It points to a 2011 encounter as a particular cause for concern. In 2011, Reid responded to a call in North Philadelphia and shot David Patterson, who, Reid reported, was shooting at him. The Internal Affairs report on the incident notes, “Although P/O Reid thought David Patterson discharged a firearm, there was no evidence Patterson discharged a firearm.” The gun found at the scene was fully loaded. Even so, the report found that Reid had acted in accordance with policy.
Reid told The Inquirer unfounded civilian complaints are common and are often legal tactics by defendants. When it comes to arrests, he said: “These are mostly good people having a bad day. ... But there are some people who don’t want to go to jail.” That, he said, is what happened with Ramos, who was flailing wildly because he was high on K2, requiring officers to restrain him.
About 73 percent of police officers in the United States have never fired a gun while on duty, according to the Pew Research Center.
“The fact that someone would have a discharge is unusual. More than once is extremely unusual. Five is extremely unusual,” said Hans Menos, who heads the Police Advisory Commission, a civilian body that participates in a Use of Force Review Board with the Police Department. But, he added, “All of that is mediated by climate.” That is, certain units — including the highway patrol unit that Reid was part of — are far more likely than others to see gunfire.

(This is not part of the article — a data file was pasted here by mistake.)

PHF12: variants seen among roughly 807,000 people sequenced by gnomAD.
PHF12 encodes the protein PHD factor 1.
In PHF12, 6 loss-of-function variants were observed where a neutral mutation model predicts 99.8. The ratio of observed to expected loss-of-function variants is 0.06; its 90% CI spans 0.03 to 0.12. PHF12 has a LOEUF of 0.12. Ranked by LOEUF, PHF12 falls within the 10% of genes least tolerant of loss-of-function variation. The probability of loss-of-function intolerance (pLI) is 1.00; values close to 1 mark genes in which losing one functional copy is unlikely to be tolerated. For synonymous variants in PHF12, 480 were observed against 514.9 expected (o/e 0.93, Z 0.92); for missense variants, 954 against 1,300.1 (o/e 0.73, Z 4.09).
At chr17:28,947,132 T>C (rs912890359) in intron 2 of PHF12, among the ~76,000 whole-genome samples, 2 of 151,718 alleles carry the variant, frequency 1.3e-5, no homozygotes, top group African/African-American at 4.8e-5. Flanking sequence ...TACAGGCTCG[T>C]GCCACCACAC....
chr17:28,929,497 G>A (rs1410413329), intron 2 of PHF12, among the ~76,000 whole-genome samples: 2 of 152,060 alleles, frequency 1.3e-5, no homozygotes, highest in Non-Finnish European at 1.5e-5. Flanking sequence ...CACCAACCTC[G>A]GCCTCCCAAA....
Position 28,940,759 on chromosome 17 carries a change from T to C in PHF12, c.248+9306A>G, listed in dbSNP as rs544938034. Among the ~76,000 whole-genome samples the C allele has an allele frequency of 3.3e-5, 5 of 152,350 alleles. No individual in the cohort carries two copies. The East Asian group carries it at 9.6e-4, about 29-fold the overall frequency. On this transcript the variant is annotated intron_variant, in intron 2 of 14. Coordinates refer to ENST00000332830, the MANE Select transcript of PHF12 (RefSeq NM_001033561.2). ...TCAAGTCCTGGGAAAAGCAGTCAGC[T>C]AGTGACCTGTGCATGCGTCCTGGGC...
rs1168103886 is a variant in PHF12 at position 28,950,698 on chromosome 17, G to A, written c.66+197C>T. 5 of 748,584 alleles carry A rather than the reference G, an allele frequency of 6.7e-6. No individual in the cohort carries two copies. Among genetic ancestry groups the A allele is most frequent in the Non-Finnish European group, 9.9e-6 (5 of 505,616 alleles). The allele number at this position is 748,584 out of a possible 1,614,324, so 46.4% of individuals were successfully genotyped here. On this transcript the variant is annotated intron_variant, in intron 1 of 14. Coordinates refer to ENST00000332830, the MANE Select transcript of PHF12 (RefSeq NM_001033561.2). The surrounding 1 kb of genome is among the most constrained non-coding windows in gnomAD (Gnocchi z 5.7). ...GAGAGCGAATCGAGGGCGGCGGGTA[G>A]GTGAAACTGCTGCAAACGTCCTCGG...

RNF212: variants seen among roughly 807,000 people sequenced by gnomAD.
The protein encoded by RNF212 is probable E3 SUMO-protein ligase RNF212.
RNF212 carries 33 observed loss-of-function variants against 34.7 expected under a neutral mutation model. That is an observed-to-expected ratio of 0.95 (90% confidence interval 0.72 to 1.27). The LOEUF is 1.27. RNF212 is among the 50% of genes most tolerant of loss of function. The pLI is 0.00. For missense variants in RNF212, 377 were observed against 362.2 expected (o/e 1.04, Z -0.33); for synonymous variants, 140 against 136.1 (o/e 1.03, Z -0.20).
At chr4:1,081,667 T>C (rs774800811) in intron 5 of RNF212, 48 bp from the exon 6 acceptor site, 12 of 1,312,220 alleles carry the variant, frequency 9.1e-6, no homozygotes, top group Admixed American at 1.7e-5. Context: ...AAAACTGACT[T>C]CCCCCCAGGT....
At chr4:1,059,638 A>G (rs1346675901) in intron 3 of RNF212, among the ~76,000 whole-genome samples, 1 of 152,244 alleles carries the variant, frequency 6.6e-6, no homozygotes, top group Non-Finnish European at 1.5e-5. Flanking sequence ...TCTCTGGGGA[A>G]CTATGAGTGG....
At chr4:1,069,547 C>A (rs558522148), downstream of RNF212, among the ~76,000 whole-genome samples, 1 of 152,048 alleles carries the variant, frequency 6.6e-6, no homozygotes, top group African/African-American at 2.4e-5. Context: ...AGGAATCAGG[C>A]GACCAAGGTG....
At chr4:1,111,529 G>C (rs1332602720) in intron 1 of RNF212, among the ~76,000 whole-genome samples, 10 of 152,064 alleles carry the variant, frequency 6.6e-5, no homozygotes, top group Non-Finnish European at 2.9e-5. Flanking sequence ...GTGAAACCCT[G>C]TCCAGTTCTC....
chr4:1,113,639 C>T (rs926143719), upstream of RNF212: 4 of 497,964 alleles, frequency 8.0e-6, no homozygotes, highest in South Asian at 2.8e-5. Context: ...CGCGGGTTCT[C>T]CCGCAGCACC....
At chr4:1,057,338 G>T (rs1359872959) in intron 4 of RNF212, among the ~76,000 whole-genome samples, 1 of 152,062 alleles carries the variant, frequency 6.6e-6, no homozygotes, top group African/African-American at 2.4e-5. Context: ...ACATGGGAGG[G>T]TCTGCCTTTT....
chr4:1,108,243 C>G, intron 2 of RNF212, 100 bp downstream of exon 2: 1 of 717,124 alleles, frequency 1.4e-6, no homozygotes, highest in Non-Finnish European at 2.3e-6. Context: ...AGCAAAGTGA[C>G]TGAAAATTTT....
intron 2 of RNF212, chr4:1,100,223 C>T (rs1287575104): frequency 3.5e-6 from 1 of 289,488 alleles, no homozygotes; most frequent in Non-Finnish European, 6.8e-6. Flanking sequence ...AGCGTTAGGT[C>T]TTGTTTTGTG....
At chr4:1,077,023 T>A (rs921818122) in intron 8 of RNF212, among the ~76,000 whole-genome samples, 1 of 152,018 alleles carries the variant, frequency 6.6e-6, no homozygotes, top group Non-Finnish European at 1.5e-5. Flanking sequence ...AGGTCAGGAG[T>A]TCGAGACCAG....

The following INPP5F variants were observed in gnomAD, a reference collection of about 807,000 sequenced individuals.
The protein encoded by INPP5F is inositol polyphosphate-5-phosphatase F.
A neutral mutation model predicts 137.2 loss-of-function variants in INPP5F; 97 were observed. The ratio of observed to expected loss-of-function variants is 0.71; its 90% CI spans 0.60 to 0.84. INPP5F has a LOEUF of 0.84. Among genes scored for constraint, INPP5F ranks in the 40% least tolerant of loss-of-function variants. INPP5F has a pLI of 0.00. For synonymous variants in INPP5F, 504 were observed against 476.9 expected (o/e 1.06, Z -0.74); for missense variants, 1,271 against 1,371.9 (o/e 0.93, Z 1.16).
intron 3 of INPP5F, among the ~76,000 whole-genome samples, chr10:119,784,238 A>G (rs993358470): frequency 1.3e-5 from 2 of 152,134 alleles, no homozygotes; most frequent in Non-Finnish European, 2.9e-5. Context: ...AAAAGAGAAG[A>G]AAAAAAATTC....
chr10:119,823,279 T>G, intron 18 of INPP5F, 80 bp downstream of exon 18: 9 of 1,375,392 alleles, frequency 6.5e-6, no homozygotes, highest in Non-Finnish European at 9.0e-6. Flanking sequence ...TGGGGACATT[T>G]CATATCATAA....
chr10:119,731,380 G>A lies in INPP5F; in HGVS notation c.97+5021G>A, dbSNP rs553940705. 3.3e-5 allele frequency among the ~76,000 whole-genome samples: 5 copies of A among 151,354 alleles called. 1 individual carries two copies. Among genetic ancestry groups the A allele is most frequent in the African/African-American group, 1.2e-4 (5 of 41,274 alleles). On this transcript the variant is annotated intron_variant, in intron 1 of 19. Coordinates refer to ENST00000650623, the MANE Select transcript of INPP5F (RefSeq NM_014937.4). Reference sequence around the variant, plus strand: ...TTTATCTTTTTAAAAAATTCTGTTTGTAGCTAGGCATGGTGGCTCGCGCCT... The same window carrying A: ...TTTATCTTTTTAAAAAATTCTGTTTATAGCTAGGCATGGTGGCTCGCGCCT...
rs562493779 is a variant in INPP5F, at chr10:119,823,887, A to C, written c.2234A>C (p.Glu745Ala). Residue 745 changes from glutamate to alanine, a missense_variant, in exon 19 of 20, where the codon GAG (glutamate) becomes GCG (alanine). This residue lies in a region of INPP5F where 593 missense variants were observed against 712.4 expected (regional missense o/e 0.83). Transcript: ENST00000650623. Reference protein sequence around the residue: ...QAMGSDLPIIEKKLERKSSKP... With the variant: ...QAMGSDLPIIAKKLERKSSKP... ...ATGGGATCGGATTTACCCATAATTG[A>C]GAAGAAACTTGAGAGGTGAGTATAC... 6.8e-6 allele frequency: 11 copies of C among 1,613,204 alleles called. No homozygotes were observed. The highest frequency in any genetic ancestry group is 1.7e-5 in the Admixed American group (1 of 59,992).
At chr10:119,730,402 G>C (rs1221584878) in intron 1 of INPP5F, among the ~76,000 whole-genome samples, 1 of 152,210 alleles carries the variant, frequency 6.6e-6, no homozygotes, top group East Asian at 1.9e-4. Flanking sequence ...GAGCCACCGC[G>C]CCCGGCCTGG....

The Use of Force Review Board, Menos said, does not take into account an officer’s record in determining whether a use of force is justified, though supervisors or Internal Affairs could review that information to assess training needs.
A U.S. Department of Justice analysis of officer-involved shootings in Philadelphia from 2007 to 2013 found that just 15 officers were involved in three or more shootings, out of a 6,300-member police force. The study, which included 91 recommendations for change, found that in 88 percent of cases, officers were found not to have violated policy or were found to have committed violations so minor they merited suspensions of one week or less.
Since then, the number of shootings has declined dramatically, to a decade low of 12 in 2018.
According to the Department of Justice review, the Police Department did have an early-warning system for officers with multiple complaints or uses of force — but it was triggered only if those episodes occurred within a 12-month period. A police spokesperson declined to comment on whether that policy remains in effect, “because commenting on such a protocol could impede our ability to conduct these types of internal reviews.”
For Sandra Fountain, these cases renew questions she has been asking for 15 years — about what happened to her son, Phillip, who was 25 years old in 2004 when Reid and Officer Thomas Schaffling shot and killed him on a street in West Oak Lane, after they attempted to stop him for questioning.